By executing wind turbine control commands, the controller 36 may generally be configured to control the various operating modes of the wind turbine 10 (e.g., start-up or shut-down sequences). The controller 36 may also be configured to control the blade pitch or pitch angle of each of the rotor blades 22 (i.e., an angle that determines a perspective of the rotor blades 22 with respect to the direction 28 of the wind) to control the load and power generated by the wind turbine 10 by adjusting an angular position of at least one rotor blade 22 relative to the wind. For instance, the controller 36 may control the pitch angle of the rotor blades 22, either individually or simultaneously, by transmitting suitable control signals to a pitch drive or pitch adjustment system within the nacelle 16. Further, as the direction 28 of the wind changes, the controller 36 may be configured to control the position of the nacelle 16 relative to a yaw axis 38 via a yaw drive mechanism within the nacelle 16 to position the rotor blades 22 with respect to the direction 28 of the wind.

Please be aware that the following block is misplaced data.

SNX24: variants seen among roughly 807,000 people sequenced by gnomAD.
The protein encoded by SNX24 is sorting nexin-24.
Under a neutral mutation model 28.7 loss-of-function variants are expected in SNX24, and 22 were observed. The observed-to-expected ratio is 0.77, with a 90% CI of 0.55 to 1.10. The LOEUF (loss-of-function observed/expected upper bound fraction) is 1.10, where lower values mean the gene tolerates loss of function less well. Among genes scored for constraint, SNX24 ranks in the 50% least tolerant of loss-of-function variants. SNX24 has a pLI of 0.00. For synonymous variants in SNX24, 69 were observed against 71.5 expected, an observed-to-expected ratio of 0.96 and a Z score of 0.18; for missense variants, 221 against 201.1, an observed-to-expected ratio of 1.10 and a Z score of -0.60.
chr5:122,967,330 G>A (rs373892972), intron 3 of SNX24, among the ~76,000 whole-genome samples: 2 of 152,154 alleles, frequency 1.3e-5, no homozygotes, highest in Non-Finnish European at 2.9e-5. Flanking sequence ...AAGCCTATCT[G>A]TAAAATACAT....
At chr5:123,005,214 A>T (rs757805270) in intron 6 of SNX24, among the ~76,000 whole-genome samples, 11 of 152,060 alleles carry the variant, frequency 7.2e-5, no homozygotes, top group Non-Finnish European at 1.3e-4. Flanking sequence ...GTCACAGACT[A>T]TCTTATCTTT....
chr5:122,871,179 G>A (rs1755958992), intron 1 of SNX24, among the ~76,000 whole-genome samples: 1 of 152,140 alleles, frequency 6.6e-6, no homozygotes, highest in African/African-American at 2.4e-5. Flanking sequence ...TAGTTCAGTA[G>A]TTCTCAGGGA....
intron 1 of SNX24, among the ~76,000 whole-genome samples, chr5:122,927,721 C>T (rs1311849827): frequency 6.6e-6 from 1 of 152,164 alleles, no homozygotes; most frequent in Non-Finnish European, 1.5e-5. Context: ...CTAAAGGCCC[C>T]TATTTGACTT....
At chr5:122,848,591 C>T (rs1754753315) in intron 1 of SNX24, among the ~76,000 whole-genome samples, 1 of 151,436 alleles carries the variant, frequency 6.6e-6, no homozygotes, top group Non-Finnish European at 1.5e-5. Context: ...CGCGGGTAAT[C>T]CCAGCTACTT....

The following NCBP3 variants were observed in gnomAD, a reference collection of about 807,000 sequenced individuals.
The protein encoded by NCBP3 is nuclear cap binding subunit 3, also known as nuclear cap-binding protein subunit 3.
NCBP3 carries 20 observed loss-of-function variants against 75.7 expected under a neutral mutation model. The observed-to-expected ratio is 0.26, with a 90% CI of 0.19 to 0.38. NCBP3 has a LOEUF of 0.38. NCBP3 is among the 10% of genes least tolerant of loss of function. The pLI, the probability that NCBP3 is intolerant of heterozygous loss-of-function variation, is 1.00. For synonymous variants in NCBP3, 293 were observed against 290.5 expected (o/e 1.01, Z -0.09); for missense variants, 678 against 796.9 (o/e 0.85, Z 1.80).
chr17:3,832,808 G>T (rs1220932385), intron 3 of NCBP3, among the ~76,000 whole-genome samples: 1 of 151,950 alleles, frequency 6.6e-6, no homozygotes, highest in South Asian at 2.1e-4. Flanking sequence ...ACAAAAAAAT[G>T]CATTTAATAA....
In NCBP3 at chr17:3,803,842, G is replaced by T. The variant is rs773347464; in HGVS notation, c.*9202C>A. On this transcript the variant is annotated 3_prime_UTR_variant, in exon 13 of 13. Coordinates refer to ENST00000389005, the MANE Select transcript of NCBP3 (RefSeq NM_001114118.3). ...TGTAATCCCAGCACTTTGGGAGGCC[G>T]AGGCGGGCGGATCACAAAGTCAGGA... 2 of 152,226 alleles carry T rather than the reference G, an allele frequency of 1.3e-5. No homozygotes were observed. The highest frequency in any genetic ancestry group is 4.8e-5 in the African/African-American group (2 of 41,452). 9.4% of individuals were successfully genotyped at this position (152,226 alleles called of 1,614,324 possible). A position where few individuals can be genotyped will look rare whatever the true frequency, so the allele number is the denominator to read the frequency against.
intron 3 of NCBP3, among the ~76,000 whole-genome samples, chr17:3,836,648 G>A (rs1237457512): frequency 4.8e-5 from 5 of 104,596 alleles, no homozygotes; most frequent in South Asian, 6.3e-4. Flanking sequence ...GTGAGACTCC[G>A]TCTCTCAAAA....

During operation of the wind turbine 10, wind strikes the rotor blades 22 from the direction 28, which causes the rotor 18 to rotate. As the rotor blades 22 are rotated and subjected to centrifugal forces, the rotor blades 22 are also subjected to various loading forces and bending moments. As aerodynamic loads increase, excessive forces and bending moments can cause one or more of the rotor blades 22 to strike the tower 12 resulting in significant damage and downtime. However, even without a tower strike, excessive loading and bending moments can cause significant fatigue on the rotor blades 22 and other wind turbine components.